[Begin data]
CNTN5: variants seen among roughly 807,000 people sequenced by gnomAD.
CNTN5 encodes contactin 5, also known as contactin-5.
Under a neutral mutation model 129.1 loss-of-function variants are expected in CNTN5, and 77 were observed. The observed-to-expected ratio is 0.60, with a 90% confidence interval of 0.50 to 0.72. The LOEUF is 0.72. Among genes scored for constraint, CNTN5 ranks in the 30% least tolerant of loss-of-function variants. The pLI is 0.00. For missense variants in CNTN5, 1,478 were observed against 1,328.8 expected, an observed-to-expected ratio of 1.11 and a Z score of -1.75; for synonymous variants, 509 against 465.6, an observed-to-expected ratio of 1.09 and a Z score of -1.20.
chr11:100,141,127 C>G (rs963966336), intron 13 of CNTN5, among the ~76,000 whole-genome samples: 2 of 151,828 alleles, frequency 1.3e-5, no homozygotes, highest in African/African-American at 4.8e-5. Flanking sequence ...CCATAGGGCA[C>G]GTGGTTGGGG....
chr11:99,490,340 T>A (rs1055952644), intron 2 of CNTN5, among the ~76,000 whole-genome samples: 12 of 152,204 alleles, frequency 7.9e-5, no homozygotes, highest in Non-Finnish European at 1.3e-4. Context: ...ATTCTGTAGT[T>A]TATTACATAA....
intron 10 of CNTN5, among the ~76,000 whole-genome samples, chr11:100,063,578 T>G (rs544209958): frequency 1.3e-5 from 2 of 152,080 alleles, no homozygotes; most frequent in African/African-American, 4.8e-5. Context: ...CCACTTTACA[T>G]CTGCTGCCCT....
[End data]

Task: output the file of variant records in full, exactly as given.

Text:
CNTN5: variants seen among roughly 807,000 people sequenced by gnomAD.
CNTN5 encodes contactin 5, also known as contactin-5.
Under a neutral mutation model 129.1 loss-of-function variants are expected in CNTN5, and 77 were observed. The observed-to-expected ratio is 0.60, with a 90% confidence interval of 0.50 to 0.72. The LOEUF is 0.72. Among genes scored for constraint, CNTN5 ranks in the 30% least tolerant of loss-of-function variants. The pLI is 0.00. For missense variants in CNTN5, 1,478 were observed against 1,328.8 expected, an observed-to-expected ratio of 1.11 and a Z score of -1.75; for synonymous variants, 509 against 465.6, an observed-to-expected ratio of 1.09 and a Z score of -1.20.
chr11:100,141,127 C>G (rs963966336), intron 13 of CNTN5, among the ~76,000 whole-genome samples: 2 of 151,828 alleles, frequency 1.3e-5, no homozygotes, highest in African/African-American at 4.8e-5. Flanking sequence ...CCATAGGGCA[C>G]GTGGTTGGGG....
chr11:99,490,340 T>A (rs1055952644), intron 2 of CNTN5, among the ~76,000 whole-genome samples: 12 of 152,204 alleles, frequency 7.9e-5, no homozygotes, highest in Non-Finnish European at 1.3e-4. Context: ...ATTCTGTAGT[T>A]TATTACATAA....
intron 10 of CNTN5, among the ~76,000 whole-genome samples, chr11:100,063,578 T>G (rs544209958): frequency 1.3e-5 from 2 of 152,080 alleles, no homozygotes; most frequent in African/African-American, 4.8e-5. Context: ...CCACTTTACA[T>G]CTGCTGCCCT....